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on 27 February 2012
I was disappointed. There is no explanation on how to make the patterns, no measurements of the patterns or a reference on using them. Usable as an inspiration , and I need more. How come there is no good book on vintage lingerie techniques? Drafting, working with patterns, sewing? If you know of one, please leave a comment.
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on 7 January 2009
I'm a profesional corsetiere and I found this book inspiring. This is less a book about how to make corsets, although that is covered, instead, it's a much more valuable deconstruction of several historical corsets. Each corset is dissected and presented piece by piece, so that we can recreate each one. Fantastic!
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on 17 September 2008
Corset making is a suprisingly large subject, and this book is a welcome addition to the range.
It opens with some thoughtful comments about dating corsets and how typical are surviving examples, among other subjects.
The main body is devoted to an interesting selection of corsets, including finely boned and half-boned stays, hand stitched corded corsets, and later ones with a 'zone' waist band or gussets as well as the usual vertical panels - not forgetting the underbust and ribboned. Each corset features a full page colour photo, half a page or more commentary, and two page pattern. The patterns are generally to half scale, and all on graph paper with balance marks, grain lines and boning etc. indicated.
There follows a section on corset construction, including step-by-step guides for two corsets and how to insert gussets, floss and cord as well as the usual binding and busk insertion etc.
The book ends with lists of references, museums and suppliers.
If you know nothing about sewing but want to knock up a fashion corset, then this book is probably not for you - until you've got the bug! However, if you can follow a sewing pattern and want to recreate a period corset, this is the best single book available due to the large patterns and colour photos and the wide range of construction tips, including some not published elsewhere. Yes, more could be written about construction (where does one stop?), the 'close-up' photos touted in the blurb do not zoom in on any unusual feature, and the photos of the black corsets could be clearer, but I am happy to recommend this book: it is a steal at full price. 4+ stars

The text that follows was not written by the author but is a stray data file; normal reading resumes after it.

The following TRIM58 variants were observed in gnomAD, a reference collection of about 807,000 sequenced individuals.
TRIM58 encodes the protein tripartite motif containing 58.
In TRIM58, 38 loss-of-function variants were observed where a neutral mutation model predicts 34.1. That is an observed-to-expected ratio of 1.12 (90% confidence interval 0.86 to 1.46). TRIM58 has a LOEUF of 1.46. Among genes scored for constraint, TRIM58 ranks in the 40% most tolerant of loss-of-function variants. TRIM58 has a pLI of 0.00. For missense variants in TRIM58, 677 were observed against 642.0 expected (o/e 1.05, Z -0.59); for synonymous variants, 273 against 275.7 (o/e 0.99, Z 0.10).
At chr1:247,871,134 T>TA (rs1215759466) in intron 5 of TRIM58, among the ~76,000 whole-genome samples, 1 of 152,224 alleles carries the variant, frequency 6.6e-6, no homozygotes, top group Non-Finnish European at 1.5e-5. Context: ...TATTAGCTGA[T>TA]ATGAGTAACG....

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VINE VOICEon 4 September 2009
Having read the other reviews of this book, I was curious on which side of the fence I would find myself. The photographs are generous and some of the corsets are mouth-watering - Oh for the days of tight-lacing! - although as has been noted, the most beautiful corset in the range is not well-lit enough to show good detail. The patterns are shown clearly and with all necessary markings and the instructional text for the two projects is concise.

Having recently bought Robert Doyle's, 'Waisted Efforts', I prefer this book by Jill Salen. I find it clearer to follow and more 'real-time'. There is a practicality about Ms Salen's approach that is appealing and encouraging and her research, whilst full, is never merely academic.

The list of suppliers is helpful, too. If you are a beginner seamstress, you might struggle a bit with the sewing machine control needed to produce neat work, but that is resolved by practice. If you are new to corset-making, having a go at the hand-sewn project will clarify the logic behind the garment and the process.

Either way, give this book a go, have a try and enjoy yourself. That's what I mean to do!